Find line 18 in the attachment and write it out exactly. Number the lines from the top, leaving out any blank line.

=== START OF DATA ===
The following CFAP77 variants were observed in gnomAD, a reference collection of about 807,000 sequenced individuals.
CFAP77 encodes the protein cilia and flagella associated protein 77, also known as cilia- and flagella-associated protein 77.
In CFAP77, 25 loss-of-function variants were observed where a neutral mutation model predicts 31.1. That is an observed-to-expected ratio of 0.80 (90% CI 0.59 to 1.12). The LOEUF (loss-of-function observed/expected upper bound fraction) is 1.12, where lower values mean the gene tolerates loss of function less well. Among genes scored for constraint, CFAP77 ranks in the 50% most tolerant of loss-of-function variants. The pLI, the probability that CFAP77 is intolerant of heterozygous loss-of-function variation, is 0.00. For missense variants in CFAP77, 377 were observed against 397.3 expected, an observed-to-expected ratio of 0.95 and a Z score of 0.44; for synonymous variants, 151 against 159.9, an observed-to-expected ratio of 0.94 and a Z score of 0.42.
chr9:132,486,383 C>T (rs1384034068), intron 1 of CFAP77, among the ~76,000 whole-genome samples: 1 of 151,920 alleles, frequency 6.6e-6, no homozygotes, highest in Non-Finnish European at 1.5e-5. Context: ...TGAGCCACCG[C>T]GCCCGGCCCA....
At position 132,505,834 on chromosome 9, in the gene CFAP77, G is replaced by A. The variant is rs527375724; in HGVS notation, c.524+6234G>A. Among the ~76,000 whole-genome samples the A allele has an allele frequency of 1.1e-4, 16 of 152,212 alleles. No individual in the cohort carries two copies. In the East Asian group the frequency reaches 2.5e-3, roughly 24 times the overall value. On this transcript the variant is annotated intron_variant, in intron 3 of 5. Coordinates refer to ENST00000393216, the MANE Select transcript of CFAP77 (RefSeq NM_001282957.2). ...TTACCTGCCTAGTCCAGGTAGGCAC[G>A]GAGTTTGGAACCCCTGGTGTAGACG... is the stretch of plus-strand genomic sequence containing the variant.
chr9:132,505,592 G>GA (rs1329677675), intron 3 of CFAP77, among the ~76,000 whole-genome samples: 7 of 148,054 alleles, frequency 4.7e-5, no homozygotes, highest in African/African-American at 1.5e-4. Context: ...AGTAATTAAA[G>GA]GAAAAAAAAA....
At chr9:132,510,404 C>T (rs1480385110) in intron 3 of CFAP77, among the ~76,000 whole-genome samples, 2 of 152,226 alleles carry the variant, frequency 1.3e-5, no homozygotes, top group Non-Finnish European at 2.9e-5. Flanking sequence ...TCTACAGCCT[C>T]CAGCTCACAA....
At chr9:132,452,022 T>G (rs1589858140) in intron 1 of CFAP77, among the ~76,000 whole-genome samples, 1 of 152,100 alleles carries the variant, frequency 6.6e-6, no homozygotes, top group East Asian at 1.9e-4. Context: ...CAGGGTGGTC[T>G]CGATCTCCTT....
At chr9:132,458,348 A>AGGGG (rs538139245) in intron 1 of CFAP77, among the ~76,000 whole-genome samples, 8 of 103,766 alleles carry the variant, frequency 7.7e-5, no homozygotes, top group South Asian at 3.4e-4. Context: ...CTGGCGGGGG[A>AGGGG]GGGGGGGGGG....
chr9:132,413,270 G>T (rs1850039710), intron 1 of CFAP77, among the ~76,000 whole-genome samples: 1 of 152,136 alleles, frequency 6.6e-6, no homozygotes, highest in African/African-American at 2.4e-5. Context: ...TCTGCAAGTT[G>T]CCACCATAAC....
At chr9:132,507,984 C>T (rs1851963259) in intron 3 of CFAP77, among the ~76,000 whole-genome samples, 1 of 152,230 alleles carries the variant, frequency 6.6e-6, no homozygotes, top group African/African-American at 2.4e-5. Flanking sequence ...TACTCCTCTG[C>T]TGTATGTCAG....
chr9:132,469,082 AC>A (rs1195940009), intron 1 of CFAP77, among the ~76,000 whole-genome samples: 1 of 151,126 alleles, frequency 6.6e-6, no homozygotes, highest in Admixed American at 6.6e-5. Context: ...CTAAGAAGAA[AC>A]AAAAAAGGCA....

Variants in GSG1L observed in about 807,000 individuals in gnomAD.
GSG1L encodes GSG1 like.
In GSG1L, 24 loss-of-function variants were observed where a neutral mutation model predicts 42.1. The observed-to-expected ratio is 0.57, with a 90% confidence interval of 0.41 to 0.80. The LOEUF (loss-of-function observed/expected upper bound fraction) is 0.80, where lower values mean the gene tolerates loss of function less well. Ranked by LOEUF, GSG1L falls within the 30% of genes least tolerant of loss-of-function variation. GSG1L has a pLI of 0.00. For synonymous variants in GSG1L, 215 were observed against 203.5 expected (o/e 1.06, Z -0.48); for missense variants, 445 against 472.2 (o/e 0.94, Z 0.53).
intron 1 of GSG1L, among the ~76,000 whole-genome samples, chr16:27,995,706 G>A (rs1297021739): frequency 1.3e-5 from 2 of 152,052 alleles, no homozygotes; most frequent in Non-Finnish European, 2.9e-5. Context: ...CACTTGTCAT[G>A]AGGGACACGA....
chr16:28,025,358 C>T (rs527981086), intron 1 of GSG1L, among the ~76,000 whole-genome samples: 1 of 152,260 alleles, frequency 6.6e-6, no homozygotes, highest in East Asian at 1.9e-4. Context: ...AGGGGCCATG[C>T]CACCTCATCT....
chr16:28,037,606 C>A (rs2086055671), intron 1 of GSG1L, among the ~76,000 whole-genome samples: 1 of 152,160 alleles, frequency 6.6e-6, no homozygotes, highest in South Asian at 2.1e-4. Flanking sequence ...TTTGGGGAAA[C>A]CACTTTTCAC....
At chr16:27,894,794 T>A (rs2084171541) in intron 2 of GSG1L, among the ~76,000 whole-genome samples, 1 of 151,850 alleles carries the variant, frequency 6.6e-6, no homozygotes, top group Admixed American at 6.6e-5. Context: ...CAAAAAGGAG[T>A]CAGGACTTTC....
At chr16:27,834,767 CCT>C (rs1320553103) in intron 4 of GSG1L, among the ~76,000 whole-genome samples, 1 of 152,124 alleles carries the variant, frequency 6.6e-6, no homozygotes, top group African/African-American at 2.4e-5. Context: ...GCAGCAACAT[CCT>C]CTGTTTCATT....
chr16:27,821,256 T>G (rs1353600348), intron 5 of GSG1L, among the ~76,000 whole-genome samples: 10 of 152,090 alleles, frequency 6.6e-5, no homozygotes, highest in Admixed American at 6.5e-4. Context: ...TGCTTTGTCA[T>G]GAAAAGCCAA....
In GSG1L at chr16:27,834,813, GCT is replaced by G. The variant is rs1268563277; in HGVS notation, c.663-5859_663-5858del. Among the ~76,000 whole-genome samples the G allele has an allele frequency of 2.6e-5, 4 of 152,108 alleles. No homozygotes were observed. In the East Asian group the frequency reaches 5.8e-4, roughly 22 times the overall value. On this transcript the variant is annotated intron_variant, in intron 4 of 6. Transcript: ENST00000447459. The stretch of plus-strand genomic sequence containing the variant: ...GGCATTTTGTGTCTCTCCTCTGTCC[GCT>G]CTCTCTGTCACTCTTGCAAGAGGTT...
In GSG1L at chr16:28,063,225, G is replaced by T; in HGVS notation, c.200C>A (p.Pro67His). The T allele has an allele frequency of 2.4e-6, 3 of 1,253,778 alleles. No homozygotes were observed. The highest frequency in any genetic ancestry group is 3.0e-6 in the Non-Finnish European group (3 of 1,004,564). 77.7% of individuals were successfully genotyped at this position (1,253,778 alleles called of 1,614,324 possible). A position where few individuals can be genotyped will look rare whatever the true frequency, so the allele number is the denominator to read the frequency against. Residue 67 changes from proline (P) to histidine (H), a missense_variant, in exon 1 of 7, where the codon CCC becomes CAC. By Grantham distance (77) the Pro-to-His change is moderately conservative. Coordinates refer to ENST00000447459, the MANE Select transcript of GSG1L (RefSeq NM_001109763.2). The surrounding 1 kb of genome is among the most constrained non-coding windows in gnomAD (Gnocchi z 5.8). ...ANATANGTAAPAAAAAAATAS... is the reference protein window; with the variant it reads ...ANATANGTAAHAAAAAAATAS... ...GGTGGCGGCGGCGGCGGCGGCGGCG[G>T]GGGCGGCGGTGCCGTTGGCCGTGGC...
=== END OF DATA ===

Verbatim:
chr16:28,037,606 C>A (rs2086055671), intron 1 of GSG1L, among the ~76,000 whole-genome samples: 1 of 152,160 alleles, frequency 6.6e-6, no homozygotes, highest in South Asian at 2.1e-4. Flanking sequence ...TTTGGGGAAA[C>A]CACTTTTCAC....